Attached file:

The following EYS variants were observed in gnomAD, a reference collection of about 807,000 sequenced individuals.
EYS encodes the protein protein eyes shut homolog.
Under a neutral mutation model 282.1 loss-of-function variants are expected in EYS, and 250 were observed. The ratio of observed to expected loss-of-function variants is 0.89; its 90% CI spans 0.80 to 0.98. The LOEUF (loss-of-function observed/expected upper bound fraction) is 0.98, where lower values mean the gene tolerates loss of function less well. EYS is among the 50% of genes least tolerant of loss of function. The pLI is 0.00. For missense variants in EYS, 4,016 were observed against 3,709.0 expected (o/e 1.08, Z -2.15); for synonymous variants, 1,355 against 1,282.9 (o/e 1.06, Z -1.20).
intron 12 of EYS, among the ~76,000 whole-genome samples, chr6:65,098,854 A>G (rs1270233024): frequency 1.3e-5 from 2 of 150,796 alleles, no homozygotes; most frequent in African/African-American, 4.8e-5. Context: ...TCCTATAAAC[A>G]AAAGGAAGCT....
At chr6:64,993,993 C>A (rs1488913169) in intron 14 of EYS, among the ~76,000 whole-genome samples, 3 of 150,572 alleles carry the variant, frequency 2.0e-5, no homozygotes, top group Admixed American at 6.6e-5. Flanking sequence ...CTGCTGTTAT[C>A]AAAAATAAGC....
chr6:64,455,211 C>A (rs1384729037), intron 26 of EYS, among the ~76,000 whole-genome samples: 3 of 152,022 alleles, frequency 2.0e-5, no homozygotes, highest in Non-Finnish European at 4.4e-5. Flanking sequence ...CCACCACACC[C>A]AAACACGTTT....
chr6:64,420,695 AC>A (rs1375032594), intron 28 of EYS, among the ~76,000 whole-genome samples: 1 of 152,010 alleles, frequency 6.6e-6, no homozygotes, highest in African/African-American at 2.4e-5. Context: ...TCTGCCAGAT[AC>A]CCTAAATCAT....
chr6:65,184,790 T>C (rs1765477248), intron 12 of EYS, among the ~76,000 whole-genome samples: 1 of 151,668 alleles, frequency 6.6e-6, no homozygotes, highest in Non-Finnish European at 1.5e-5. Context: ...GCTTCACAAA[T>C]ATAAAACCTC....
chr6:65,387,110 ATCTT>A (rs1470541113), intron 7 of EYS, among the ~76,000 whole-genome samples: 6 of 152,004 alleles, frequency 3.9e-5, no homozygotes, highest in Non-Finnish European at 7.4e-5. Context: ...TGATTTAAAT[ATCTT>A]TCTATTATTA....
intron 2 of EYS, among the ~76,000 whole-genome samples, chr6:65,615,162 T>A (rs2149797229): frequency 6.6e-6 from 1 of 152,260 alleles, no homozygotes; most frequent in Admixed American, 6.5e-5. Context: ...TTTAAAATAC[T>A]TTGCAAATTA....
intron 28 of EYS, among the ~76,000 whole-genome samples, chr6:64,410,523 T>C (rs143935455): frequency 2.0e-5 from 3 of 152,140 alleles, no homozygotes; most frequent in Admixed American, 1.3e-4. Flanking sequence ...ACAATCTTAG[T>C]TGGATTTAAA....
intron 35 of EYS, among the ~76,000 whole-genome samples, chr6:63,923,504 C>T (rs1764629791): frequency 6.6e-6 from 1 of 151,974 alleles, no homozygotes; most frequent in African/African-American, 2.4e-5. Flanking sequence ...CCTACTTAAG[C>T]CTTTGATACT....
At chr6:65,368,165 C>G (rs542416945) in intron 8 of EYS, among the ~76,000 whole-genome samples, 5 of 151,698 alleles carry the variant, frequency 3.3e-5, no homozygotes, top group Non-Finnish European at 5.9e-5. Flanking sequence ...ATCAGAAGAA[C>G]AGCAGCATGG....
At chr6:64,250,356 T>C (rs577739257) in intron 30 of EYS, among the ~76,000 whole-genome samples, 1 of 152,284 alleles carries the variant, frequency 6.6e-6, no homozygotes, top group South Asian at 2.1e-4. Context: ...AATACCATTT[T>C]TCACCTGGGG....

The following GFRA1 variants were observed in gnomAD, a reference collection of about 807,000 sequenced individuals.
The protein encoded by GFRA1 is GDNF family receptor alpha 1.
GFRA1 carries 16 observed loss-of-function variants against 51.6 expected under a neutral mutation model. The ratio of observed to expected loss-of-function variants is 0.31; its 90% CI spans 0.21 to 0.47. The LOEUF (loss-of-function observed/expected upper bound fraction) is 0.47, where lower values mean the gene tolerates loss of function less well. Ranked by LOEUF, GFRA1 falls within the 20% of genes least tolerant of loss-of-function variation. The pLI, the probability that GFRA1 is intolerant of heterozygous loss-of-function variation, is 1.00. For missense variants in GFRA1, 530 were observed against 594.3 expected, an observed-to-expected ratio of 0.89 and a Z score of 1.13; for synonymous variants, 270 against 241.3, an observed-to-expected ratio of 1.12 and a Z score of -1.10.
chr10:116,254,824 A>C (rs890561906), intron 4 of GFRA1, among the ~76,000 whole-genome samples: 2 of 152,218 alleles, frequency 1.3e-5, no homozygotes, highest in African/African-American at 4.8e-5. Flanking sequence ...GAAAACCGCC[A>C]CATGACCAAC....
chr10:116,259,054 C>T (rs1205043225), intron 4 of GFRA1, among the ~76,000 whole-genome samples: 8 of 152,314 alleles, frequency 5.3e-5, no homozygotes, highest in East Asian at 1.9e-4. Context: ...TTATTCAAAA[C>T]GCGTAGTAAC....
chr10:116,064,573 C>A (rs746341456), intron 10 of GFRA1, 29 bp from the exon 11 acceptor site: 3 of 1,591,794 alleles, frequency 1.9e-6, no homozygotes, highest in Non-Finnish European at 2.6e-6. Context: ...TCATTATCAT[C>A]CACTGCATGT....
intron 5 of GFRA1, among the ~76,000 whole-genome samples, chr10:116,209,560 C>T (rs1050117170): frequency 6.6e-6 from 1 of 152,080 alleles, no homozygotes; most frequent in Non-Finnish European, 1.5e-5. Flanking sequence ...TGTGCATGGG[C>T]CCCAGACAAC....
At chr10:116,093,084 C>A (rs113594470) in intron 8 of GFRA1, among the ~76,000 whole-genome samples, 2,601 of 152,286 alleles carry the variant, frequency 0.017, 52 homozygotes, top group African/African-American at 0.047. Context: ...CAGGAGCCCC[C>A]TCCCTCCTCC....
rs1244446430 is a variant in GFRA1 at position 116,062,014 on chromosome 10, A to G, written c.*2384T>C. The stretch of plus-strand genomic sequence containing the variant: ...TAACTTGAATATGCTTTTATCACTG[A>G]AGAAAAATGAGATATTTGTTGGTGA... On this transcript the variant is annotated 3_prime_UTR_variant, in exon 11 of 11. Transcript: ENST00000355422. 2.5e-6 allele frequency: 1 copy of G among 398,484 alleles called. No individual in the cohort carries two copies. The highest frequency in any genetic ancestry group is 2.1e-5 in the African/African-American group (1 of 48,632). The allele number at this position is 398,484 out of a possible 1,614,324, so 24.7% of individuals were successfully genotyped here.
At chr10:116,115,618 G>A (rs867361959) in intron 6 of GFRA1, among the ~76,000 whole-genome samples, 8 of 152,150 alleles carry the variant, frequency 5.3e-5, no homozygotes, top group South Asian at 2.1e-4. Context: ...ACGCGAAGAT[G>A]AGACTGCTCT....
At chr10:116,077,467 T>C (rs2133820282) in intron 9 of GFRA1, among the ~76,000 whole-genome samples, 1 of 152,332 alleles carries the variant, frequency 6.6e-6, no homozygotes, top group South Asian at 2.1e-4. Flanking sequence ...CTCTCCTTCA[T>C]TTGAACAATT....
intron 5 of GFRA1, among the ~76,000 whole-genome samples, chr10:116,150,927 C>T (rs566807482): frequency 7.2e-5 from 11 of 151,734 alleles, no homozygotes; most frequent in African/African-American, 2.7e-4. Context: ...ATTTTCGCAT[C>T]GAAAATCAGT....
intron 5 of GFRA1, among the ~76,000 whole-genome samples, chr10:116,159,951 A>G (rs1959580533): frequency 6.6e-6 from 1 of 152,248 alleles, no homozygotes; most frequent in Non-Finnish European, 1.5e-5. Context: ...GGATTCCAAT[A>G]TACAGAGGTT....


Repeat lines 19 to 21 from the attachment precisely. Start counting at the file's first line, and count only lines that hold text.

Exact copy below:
chr10:116,259,054 C>T (rs1205043225), intron 4 of GFRA1, among the ~76,000 whole-genome samples: 8 of 152,314 alleles, frequency 5.3e-5, no homozygotes, highest in East Asian at 1.9e-4. Context: ...TTATTCAAAA[C>T]GCGTAGTAAC....
chr10:116,064,573 C>A (rs746341456), intron 10 of GFRA1, 29 bp from the exon 11 acceptor site: 3 of 1,591,794 alleles, frequency 1.9e-6, no homozygotes, highest in Non-Finnish European at 2.6e-6. Context: ...TCATTATCAT[C>A]CACTGCATGT....
intron 5 of GFRA1, among the ~76,000 whole-genome samples, chr10:116,209,560 C>T (rs1050117170): frequency 6.6e-6 from 1 of 152,080 alleles, no homozygotes; most frequent in Non-Finnish European, 1.5e-5. Flanking sequence ...TGTGCATGGG[C>T]CCCAGACAAC....